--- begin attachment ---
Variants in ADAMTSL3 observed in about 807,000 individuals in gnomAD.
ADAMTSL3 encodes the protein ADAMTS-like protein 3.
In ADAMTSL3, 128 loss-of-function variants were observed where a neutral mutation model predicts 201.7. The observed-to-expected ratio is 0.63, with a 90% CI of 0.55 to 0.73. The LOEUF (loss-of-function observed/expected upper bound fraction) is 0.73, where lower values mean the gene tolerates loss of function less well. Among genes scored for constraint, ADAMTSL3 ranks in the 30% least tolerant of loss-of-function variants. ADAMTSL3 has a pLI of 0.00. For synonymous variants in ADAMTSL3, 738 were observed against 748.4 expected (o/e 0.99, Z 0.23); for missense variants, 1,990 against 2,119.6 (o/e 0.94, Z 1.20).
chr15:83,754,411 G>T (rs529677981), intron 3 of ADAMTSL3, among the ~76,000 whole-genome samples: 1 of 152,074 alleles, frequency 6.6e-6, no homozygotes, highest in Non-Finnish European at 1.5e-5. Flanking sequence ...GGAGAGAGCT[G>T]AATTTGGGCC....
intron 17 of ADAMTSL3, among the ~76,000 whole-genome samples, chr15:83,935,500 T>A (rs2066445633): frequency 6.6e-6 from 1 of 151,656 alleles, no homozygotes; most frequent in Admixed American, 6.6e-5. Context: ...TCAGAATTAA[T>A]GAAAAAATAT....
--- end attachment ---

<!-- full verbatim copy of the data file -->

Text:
Variants in ADAMTSL3 observed in about 807,000 individuals in gnomAD.
ADAMTSL3 encodes the protein ADAMTS-like protein 3.
In ADAMTSL3, 128 loss-of-function variants were observed where a neutral mutation model predicts 201.7. The observed-to-expected ratio is 0.63, with a 90% CI of 0.55 to 0.73. The LOEUF (loss-of-function observed/expected upper bound fraction) is 0.73, where lower values mean the gene tolerates loss of function less well. Among genes scored for constraint, ADAMTSL3 ranks in the 30% least tolerant of loss-of-function variants. ADAMTSL3 has a pLI of 0.00. For synonymous variants in ADAMTSL3, 738 were observed against 748.4 expected (o/e 0.99, Z 0.23); for missense variants, 1,990 against 2,119.6 (o/e 0.94, Z 1.20).
chr15:83,754,411 G>T (rs529677981), intron 3 of ADAMTSL3, among the ~76,000 whole-genome samples: 1 of 152,074 alleles, frequency 6.6e-6, no homozygotes, highest in Non-Finnish European at 1.5e-5. Flanking sequence ...GGAGAGAGCT[G>T]AATTTGGGCC....
intron 17 of ADAMTSL3, among the ~76,000 whole-genome samples, chr15:83,935,500 T>A (rs2066445633): frequency 6.6e-6 from 1 of 151,656 alleles, no homozygotes; most frequent in Admixed American, 6.6e-5. Context: ...TCAGAATTAA[T>A]GAAAAAATAT....